OK, I know this is kind of off topic. But not that much.
I'm working on my thesis and I've just realized how funny this whole thing is. I mean my topic is Language Learning Motivation -- or really, one aspect of it. And suddenly it struck me that I can actually test theory in my own life.
Anyone interested in this type of motivation can soon find out that it all started with Gardner and his colleagues in Canada, who basically said that one's learning a language in order to become part of the group speaking it. And the more you like the group the more effort you put into it, so the more proficient you'll be. Well, I bet it worked in Canada, especially at that less globalized time.
But recently I've been hearing comments from learners such as the wish to learn a language (for instance English) in order to be able to communicate with others from all over the world. Now this isn't really about losing one's cultural and national identity and integrating into the group of native speakers!
I believe other factors can also be very powerful. The prospects of a promotion can easily motivate someone to learn a language to a certain extent, or pass an exam. Kids (and not only kids...) learn in order to please others. These factors are present in the lives of all. But I find it intriguing why the concept of the "world citizen" has been so underresearched.
So I've taken up this topic and have proposed to investigate the Hungarian prospects. I'm still in the data collection period but while questionnaires are flowing in (well... rather trickling...) I'm doing some reading.
I was actually when I realized how close this topic actually was. Amazing. I've been learning French since the age of 14. First at highschool -- for the obvious reasons -- then at various language schools motivated by various goals. Later I went to France for 4 moths and there I had other reasons and a very complex attitude to influence my learning (even if you're not taking classes you never really stop learning in one way or another if you're motivated). And well, now I'm here in Geneva and the situation reminds me a lot of my own readings.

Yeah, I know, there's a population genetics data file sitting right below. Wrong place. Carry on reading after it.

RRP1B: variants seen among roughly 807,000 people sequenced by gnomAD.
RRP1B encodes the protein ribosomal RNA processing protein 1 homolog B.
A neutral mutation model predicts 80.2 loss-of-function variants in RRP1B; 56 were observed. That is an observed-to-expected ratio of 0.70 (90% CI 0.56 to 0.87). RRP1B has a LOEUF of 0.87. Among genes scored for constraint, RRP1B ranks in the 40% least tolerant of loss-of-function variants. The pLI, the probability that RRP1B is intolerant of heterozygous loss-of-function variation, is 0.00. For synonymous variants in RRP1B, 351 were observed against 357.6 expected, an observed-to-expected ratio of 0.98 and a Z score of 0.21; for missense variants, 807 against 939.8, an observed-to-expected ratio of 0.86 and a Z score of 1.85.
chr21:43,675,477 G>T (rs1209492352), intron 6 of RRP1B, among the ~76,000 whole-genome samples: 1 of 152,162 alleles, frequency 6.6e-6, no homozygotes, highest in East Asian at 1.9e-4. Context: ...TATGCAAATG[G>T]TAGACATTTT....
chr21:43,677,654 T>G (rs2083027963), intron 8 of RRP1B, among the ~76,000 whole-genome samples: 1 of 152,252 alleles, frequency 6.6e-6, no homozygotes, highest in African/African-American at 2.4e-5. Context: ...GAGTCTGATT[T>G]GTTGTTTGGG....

So who's right? Why am I learning now?
I guess I'll go with Dornyei and his colleagues (not literally, that I can't however much I'd love to). They claim that motivation is part of your self image. What really drives you to do something is the image of the person you want to be or who others want you to be. And it's constantly changing. Those outside factors form some reflections in you and this is actually what motivates you.
I've had pretty different ideal selves in my life, which is reflected in the extent of my motivation and what I attributed it to. Also, this has had a huge impact on my achievements. I'm just really (REALLY) curious if Gardner and so many researchers ever since have been right. Does integrative motivation overrule everything?
The other really interesting question is where am I integrating into? In a city where half the population is of foreign origin (google for numbers but they'll be shockig), who do I want to be like? Switzerland is prone to dualisms. If you live in Lausanne you're definitely not like Genevans. French Swiss consider themselves way different from German Swiss (do not ever mix up the two! not even in jokes!). So where do I integrate?
At the moment I'd say I'd like to become a Genevan of vague Hungarian roots. I want to mix and match. I want to be one of the group, definitely. I don't want to be collared "a foreigner". On the other hand, how do you define Genevans? Where are they from? France? China? Libanon? Hungary?
I've always thought of Geneva as the heart of the Switzerland I've fallen in love with. The sophisticated multicultural country where people work hard, eat well, smile a lot and go skiing or hiking at weekends. And speak many languages and cherish traditions but don't shun new ideas.
I've always thought of this Switzerland as the feeling and pulsing heart of the world, where all cultures meet and being Swiss just cannot be defined as being born to one bart of the world.
So I guess Swiss are "world citizens". Which means I also want to be one...
So Gardner was right. In part. He just didn't know what a small world we all live in.